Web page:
Q: A defibrillator?

SEWARD: Yes. Didn't have a defibrillator, and they wanted a new one, and so we borrowed one from the embassy. We borrowed an extra one that the US embassy had and delivered that to the intensive care unit. We patched together what we could for that. We came up with an acceptable compromise on the renal dialysis unit of offering some funding to help support purchasing equipment, although in the end we couldn't purchase equipment. We couldn't do it through CDC, and through appropriated dollars the CDC Foundation couldn't do it either, and so we committed to helping with consultancies if they had need for technical assistance to try to get the unit together. Then we would try to find partners to help with that, if needed. We had that letter signed and submitted to the minister. With that letter that Oliver signed and Anne signed from here, and the intensive care unit painted and the equipment in there and the training done, an extra ten million dollars from CDC for the liability insurance tail, and extra insurance also from Merck. We started with thirty-two million dollars of insurance, liability insurance, during the trial itself, and then $12 million will continue in the five years afterwards. With all those in place, we sat down again with the minister. In the interim there'd been a meeting with the president, so the minister requested a meeting with the president, so I went to that with Oliver. The ambassador's--the deputy, DCM [deputy chief of mission], the deputy person in country. The ambassador was out of the country. She attended, and was very experienced in negotiations, actually. She was great.

We attended that meeting with the president himself, and he essentially said, "You need to pick a date to start and work back from there to get these things done." He essentially gave a marching order that we should start, and I don't remember whether it was an exact date, but he did sort of say, "Thursday next week."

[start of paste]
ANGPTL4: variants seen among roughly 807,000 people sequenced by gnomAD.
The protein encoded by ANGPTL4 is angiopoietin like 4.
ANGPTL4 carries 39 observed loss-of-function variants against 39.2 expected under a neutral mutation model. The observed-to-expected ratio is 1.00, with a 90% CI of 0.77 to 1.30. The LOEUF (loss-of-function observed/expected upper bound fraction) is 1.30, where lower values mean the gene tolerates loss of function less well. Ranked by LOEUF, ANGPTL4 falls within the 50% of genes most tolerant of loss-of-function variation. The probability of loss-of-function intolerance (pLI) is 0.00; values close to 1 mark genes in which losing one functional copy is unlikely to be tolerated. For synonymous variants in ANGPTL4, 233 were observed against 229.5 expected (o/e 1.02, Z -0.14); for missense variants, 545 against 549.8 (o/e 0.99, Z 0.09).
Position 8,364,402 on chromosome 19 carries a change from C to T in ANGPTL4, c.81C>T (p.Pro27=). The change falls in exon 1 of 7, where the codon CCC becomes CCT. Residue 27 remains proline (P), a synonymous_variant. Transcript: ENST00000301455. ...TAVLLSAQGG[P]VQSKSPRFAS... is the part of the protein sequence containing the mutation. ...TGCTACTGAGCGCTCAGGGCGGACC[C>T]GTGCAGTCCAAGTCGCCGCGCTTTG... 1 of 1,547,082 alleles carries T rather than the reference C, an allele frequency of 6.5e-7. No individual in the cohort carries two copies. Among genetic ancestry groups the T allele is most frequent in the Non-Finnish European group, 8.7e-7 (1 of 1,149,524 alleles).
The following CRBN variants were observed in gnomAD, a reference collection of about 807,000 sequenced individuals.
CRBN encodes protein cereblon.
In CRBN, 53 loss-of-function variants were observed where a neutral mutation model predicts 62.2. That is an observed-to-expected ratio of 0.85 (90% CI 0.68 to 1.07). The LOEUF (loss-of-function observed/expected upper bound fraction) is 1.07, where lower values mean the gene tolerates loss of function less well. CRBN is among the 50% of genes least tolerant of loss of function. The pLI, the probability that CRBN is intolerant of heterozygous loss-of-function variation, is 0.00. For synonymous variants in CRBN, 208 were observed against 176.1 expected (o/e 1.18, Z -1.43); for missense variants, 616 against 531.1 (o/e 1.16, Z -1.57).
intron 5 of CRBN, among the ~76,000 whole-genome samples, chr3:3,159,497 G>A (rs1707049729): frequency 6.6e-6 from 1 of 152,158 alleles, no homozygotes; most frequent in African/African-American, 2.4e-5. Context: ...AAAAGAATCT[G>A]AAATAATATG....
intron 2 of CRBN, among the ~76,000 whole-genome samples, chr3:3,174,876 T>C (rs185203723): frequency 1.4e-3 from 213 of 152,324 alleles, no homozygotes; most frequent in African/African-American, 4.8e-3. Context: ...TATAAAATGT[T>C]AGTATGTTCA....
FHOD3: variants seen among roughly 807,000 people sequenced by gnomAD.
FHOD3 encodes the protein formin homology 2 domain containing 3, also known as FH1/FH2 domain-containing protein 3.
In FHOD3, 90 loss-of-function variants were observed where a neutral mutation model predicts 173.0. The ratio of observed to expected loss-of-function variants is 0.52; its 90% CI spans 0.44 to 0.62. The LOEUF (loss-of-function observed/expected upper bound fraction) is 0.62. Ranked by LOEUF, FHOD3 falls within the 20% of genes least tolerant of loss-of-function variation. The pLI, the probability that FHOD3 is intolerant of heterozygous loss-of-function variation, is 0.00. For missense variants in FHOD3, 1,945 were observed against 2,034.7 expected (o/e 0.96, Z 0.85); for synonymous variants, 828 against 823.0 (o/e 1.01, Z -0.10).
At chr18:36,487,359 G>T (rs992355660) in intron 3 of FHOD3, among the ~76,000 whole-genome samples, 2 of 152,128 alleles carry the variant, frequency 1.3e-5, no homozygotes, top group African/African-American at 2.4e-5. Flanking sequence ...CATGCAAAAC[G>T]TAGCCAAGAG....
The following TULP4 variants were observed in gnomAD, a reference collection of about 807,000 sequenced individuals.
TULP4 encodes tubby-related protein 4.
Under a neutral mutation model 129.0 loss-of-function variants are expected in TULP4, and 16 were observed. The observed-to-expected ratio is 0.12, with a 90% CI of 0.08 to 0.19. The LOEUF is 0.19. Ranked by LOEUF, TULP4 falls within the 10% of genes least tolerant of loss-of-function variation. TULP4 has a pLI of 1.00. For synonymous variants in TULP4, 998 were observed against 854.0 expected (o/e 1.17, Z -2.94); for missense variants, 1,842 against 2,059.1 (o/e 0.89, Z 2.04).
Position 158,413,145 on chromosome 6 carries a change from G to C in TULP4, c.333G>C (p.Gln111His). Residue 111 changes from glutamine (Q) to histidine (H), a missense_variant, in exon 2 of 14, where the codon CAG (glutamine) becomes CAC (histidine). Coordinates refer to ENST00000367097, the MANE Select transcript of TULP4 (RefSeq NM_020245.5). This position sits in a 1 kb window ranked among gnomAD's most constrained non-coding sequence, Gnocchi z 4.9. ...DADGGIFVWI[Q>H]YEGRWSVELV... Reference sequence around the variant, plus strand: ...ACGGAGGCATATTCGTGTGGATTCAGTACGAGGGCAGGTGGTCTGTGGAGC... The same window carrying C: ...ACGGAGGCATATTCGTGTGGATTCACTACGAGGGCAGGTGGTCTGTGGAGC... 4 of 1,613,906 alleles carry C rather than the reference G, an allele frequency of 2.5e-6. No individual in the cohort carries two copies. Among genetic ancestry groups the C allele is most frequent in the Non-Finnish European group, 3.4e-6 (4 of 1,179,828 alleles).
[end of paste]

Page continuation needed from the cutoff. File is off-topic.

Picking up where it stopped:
Easter came. It was right in that period, and so not a lot happened over that, and then Tuesday, Wednesday, the vice minister came back to Connaught Hospital. Things weren't quite ready. We were thinking, who's going to give us the green light here? We didn't have a green light, so each day we were sort of like, do we call the staff in? Do we not? Do we have to give them some warning to show up for the first vaccination site? They were being delayed. Finally, I think I was told to be down at Connaught Hospital for a final walkthrough by the minister, and then got a request that no, he wasn't coming there, we needed to go to his office. So, Oliver, the ambassador, who was back, and me attended a meeting with the minister, and actually the ambassador was extremely helpful in that meeting, in getting the trial started. The meeting went for an hour and a half, and in the end the ambassador suggested, he said, "What about if we start tomorrow? These other things are in progress, and let's just start and we'll keep meeting for following up on these issues." The minister said yes to that. We knew at like eight o'clock the night before we launched that we had a green light to launch the next day.

It was a challenging time. [laughs] It was really challenging. When I think back, I think at this end it was probably harder. It was probably easier to be there and experiencing it. But it was, yes, it was a very big deal. Exactly a year ago. It was April 9th that we launched, and we started the next day. Once we got started, it was very hard to stop. It was a very good suggestion of John Hoover's. We were waiting for the minister to say okay, but he didn't say it in this meeting. John, having more experience at a high level with negotiating, I think it was a very good suggestion on his part. "Why don't we just go ahead and start? Everything looks like it's okay, and then we'll just continue."

There was overwhelming demand and interest in the vaccine, and so I think there was a fair amount of media coverage and interest. I think it would have been challenging for the minister to stop things, once they started, provided there was no reason to stop, which there wasn't, fortunately. Once we started, that was it.

Citation

“Seward Challenges Transcript,” CDC Museum Digital Exhibits, accessed June 14, 2024, http://cdcmuseum.org/items/show/778.